About this project
For as far back as I can remember, my grandfather gave boxes of his homemade peppermint patties to our family as Christmas gifts. Like most kids, I would be excited for the holiday, but more than anything else, I looked forward to being able to eat his chocolates again. He didn’t make them often, as chocolate-making was only a hobby during his retirement, so when he did, those peppermint patties were a coveted indulgence for not only my family and I, but for anyone who tried them. As more neighbors and friends tasted the chocolates each year, demand grew to the point at which I recognized an opportunity. I approached my grandfather with the idea to sell his chocolates, he passed down his recipe, and out of my dorm room, the aptly named Seacoast Sweets was born.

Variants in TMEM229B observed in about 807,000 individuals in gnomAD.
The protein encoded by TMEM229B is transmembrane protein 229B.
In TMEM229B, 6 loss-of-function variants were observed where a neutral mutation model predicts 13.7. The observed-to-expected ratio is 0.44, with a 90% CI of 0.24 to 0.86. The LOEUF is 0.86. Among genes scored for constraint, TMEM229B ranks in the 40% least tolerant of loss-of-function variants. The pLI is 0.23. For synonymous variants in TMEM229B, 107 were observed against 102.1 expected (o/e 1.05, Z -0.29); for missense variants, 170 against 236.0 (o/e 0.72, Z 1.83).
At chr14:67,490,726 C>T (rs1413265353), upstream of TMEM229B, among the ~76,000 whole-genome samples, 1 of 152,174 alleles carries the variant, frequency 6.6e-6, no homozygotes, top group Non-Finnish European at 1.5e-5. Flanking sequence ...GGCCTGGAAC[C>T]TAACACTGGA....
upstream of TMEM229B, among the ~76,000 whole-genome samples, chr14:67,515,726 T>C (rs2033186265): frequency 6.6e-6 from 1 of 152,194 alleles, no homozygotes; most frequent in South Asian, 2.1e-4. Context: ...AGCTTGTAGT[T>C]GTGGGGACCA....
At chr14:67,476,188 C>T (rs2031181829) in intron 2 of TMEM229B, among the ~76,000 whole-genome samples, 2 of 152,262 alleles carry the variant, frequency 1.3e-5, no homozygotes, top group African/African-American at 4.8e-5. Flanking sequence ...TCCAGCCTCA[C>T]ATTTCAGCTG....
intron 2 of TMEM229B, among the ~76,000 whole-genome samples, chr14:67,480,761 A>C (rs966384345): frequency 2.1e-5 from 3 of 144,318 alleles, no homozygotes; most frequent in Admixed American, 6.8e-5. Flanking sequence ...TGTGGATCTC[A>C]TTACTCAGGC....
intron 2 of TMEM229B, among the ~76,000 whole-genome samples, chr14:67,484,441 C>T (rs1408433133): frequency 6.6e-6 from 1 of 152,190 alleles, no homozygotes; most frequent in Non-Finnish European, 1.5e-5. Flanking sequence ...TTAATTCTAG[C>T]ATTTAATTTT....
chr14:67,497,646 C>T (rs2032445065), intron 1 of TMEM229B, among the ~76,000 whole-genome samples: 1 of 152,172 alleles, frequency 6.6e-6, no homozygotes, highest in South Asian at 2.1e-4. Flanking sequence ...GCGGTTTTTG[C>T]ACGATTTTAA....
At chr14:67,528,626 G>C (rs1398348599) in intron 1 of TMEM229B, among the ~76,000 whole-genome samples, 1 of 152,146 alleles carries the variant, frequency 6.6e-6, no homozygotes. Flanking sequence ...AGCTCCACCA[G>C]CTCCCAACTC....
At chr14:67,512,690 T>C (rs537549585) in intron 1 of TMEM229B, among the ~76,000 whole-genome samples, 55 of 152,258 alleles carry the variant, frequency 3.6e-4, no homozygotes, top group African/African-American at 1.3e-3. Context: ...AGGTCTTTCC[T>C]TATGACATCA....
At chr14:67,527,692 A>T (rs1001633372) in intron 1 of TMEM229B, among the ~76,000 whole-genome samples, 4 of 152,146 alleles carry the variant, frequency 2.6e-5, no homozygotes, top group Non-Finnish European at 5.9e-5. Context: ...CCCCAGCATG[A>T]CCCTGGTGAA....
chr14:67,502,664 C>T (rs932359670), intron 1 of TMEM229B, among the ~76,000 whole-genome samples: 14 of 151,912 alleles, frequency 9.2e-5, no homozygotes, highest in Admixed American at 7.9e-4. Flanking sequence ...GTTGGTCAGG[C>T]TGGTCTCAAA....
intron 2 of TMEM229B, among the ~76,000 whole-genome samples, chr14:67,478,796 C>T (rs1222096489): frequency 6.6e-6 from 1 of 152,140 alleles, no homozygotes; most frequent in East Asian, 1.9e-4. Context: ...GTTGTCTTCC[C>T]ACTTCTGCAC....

My time at Bentley University inevitably concluded, and I shifted my focus to a new career in the commercial real estate industry, another passion. Regardless of the demands of my new job, I could not deny the requests of family and friends who hoped to give the authentic New England treats as gifts. I began experimenting with new flavors and varieties, and as the boxed chocolates passed from hand to hand, word spread and demand grew exponentially. My colleagues at CBRE, the world’s largest commercial real estate firm, began ordering my chocolates, until one day, one of the major brokerage teams designated Seacoast Sweets as their official holiday gift for clients.